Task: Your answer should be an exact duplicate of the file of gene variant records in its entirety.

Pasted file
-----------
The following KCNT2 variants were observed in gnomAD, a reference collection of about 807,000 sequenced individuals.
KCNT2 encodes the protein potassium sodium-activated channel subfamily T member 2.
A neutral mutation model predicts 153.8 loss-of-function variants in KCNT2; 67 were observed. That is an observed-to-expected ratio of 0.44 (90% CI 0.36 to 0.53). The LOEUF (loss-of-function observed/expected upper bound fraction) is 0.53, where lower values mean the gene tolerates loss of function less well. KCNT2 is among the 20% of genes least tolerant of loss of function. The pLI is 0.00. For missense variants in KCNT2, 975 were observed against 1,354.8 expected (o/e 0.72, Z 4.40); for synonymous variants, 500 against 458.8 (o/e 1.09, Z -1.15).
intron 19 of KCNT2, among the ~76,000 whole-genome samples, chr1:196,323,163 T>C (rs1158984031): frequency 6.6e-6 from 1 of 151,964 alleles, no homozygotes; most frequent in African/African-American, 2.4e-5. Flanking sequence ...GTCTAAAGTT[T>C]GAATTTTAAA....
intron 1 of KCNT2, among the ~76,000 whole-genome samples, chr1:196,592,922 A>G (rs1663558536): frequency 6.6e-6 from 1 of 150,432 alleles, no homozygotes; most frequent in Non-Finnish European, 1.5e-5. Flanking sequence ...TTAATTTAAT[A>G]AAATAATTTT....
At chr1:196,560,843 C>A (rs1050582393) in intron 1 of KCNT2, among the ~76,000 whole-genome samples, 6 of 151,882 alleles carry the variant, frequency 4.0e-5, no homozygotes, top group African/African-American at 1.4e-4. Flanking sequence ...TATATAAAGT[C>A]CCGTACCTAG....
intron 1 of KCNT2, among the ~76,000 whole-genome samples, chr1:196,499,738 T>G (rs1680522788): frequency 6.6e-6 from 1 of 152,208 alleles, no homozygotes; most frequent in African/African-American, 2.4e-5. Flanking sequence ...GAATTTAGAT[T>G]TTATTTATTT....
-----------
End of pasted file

The following KCNT2 variants were observed in gnomAD, a reference collection of about 807,000 sequenced individuals.
KCNT2 encodes the protein potassium sodium-activated channel subfamily T member 2.
A neutral mutation model predicts 153.8 loss-of-function variants in KCNT2; 67 were observed. That is an observed-to-expected ratio of 0.44 (90% CI 0.36 to 0.53). The LOEUF (loss-of-function observed/expected upper bound fraction) is 0.53, where lower values mean the gene tolerates loss of function less well. KCNT2 is among the 20% of genes least tolerant of loss of function. The pLI is 0.00. For missense variants in KCNT2, 975 were observed against 1,354.8 expected (o/e 0.72, Z 4.40); for synonymous variants, 500 against 458.8 (o/e 1.09, Z -1.15).
intron 19 of KCNT2, among the ~76,000 whole-genome samples, chr1:196,323,163 T>C (rs1158984031): frequency 6.6e-6 from 1 of 151,964 alleles, no homozygotes; most frequent in African/African-American, 2.4e-5. Flanking sequence ...GTCTAAAGTT[T>C]GAATTTTAAA....
intron 1 of KCNT2, among the ~76,000 whole-genome samples, chr1:196,592,922 A>G (rs1663558536): frequency 6.6e-6 from 1 of 150,432 alleles, no homozygotes; most frequent in Non-Finnish European, 1.5e-5. Flanking sequence ...TTAATTTAAT[A>G]AAATAATTTT....
At chr1:196,560,843 C>A (rs1050582393) in intron 1 of KCNT2, among the ~76,000 whole-genome samples, 6 of 151,882 alleles carry the variant, frequency 4.0e-5, no homozygotes, top group African/African-American at 1.4e-4. Flanking sequence ...TATATAAAGT[C>A]CCGTACCTAG....
intron 1 of KCNT2, among the ~76,000 whole-genome samples, chr1:196,499,738 T>G (rs1680522788): frequency 6.6e-6 from 1 of 152,208 alleles, no homozygotes; most frequent in African/African-American, 2.4e-5. Flanking sequence ...GAATTTAGAT[T>G]TTATTTATTT....